who were outside, laughing, or inside, at the foot of the altar,--those who smiled, and those who prayed, all found themselves in a circle of iron, seized, thrown pell mell into the enclosure of the palace. Men, women, children, without distinction of age, sex, or condition were there-mute and terror-stricken, awaiting some great and inevitable calamity. Vlad regarded them with a mocking laugh; his eye, as it glanced over them, was that of a wild beast which has its prey in its power, and rejoicing at the nameless horror which he saw depicted on all their faces; he decided to make them acquainted with his will.
The Empaler had been one day hunting along the banks of the river Argis, and had remarked on Mount Albina, a position which he considered admirable. It was an immense rock, on the top of which was a capacious platform, but so high that it seemed to touch the clouds.
Vultures, and birds of prey, alone, inhabited it, and the tumultuous waves of the Argis, beat continually at its base.
Vlad conceived the design, there to build a fortress, which would be impregnable; but for that, he
needed money, and his people had refused it to him! Then he came to another resolution, and with this he now made his prisoners acquainted.
"You would not give me the money I needed," he said, "well, keep it! I will not have you killed to chastise you for your revolt, but I condemn you all, just as you are, to build with your own hands a Fortress on the top of Mount Albina. I wish it to be the largest, the best built, and the most impregnable of all which I possess. You will not leave the mountain until all is finished. My soldiers, have the right of life and death over you, to force you to carry out my instructions."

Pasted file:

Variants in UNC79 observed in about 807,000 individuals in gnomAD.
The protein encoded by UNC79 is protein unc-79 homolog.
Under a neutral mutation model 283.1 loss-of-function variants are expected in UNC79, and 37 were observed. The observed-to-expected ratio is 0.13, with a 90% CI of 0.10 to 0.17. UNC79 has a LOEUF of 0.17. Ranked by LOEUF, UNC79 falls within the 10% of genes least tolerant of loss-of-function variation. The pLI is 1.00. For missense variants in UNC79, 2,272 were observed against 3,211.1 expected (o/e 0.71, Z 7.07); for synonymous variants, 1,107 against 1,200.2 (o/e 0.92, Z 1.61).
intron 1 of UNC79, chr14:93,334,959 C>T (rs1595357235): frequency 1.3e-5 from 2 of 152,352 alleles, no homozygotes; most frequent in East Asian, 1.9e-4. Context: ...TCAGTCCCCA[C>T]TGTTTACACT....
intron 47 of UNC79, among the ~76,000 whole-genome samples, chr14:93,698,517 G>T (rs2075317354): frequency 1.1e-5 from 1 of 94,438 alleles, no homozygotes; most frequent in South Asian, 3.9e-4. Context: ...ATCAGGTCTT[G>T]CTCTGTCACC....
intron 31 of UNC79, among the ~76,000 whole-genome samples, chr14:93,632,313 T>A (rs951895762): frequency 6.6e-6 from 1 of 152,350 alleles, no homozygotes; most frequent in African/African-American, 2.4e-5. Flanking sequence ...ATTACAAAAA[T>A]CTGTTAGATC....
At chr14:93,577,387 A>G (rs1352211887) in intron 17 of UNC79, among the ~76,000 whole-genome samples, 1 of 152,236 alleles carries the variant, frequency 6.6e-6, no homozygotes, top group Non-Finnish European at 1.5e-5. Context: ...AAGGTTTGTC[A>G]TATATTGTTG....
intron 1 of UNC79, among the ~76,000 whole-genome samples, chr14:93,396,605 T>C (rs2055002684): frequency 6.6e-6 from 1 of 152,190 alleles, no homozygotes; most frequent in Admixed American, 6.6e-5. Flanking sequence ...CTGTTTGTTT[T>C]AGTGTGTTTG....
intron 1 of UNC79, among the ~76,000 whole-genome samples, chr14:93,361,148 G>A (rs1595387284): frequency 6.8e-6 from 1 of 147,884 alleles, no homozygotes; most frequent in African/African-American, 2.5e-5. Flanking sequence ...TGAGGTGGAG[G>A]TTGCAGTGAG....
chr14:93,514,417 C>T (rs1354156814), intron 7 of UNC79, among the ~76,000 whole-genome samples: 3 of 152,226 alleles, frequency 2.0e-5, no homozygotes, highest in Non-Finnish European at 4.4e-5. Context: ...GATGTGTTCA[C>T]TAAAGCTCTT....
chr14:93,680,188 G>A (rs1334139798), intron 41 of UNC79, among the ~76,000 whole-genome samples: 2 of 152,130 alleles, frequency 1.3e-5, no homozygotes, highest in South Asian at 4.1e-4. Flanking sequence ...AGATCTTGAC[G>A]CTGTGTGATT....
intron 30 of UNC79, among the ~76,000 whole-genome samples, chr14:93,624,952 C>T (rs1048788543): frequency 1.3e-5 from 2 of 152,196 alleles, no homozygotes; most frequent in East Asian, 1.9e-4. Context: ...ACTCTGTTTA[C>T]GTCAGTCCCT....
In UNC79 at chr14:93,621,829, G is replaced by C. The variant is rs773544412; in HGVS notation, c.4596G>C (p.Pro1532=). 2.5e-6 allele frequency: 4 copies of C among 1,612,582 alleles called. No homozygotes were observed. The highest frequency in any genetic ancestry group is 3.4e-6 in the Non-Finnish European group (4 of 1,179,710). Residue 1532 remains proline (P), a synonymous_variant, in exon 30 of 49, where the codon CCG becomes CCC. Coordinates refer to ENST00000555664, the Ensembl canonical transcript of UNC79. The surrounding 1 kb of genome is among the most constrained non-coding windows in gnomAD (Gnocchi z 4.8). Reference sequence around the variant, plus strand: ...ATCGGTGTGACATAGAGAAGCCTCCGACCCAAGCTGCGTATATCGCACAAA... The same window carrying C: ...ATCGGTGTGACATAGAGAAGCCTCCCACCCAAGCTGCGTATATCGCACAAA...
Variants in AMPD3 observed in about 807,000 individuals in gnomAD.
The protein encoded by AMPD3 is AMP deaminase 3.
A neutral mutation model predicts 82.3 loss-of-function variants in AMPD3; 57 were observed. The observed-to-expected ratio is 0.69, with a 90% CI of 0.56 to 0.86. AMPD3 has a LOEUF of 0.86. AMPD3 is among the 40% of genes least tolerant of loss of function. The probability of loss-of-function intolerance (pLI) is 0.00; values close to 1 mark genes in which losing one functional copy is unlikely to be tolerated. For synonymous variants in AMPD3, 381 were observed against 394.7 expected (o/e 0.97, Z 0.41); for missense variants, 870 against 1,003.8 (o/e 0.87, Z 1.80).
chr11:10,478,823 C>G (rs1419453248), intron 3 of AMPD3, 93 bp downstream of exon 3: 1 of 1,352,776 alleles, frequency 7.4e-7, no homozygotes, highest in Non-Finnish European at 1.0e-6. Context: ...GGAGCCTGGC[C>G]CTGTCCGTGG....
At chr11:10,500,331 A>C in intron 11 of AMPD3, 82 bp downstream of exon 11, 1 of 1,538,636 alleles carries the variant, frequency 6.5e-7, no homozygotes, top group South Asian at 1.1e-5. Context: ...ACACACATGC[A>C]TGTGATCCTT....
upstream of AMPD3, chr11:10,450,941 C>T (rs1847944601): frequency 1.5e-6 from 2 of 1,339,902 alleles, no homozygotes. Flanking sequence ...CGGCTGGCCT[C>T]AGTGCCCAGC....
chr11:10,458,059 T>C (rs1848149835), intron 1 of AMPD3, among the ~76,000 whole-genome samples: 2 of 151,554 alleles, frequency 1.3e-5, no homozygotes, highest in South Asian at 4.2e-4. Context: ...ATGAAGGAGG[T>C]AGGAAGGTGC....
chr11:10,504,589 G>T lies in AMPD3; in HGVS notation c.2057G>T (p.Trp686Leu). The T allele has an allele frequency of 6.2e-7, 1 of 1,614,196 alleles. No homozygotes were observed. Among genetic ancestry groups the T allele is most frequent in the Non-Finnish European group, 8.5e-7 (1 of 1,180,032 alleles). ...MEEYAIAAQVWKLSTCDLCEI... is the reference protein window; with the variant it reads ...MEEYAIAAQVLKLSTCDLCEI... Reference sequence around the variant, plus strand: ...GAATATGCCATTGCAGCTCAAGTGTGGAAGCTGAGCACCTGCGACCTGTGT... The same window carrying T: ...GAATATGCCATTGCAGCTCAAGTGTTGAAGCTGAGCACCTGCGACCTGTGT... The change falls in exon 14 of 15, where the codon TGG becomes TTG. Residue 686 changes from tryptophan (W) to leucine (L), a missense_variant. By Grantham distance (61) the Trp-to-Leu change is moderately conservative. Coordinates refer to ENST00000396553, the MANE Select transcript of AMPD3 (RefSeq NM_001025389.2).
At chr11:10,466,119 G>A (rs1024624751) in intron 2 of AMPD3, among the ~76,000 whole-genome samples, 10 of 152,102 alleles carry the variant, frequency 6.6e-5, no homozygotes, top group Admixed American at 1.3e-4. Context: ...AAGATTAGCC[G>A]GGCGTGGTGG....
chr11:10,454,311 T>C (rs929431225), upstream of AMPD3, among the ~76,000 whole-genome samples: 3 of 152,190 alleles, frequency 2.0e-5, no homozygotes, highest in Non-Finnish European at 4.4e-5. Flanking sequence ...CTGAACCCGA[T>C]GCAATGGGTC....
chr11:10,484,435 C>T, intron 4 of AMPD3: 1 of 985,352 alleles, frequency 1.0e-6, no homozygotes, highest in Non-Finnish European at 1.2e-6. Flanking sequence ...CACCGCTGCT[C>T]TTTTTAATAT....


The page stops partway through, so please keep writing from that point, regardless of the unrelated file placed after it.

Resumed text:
No sooner said than done, and these unfortunate creatures, young and old, huddled together in gala dress, without saying good-bye to those who were happy enough to have remained at home, were conducted, like criminals, to the bank of the river, at the foot of the mountain. Then, after making footpaths, almost perpendicular in the mountain, they gained the platform, and were surrounded by their stern guardians, exposed to every change in the atmosphere, and to nameless tortures.
Masons, stonecutters, carpenters, blacksmiths, all those who knew any trade, set to work. Those who hitherto had been brought up in luxury, mixed mortar, women chipped stones, young girls carried water, and even children were set to work suitable for their age. One might see at the top and the sides of the mountain, a human ant-hill, always in motion, occupied in this atrocious labour.
Sun, rain, and wind, blackened their faces; their clothes hung in shreds; their features haggard and careworn, some eyes burning with rage, others with the submission of despair. These are no longer human beings, but machines, stupified by sorrow, and no longer able oven to implore God above, to send down his maledictions on the tyrant. Still their work progressed, and soon this citta dolente, was completed.
Vlad arrives, and after looking at it with the minutest attention, seeing that it equalled his expectations, in his clemency, sent back to their dwellings all that remained of these miserable workpeople.
On the banks of the Argis, not far from Stoieneste, may still be seen the ruins of what is called in the country, the cursed ruins of the Fortress of Poinarii.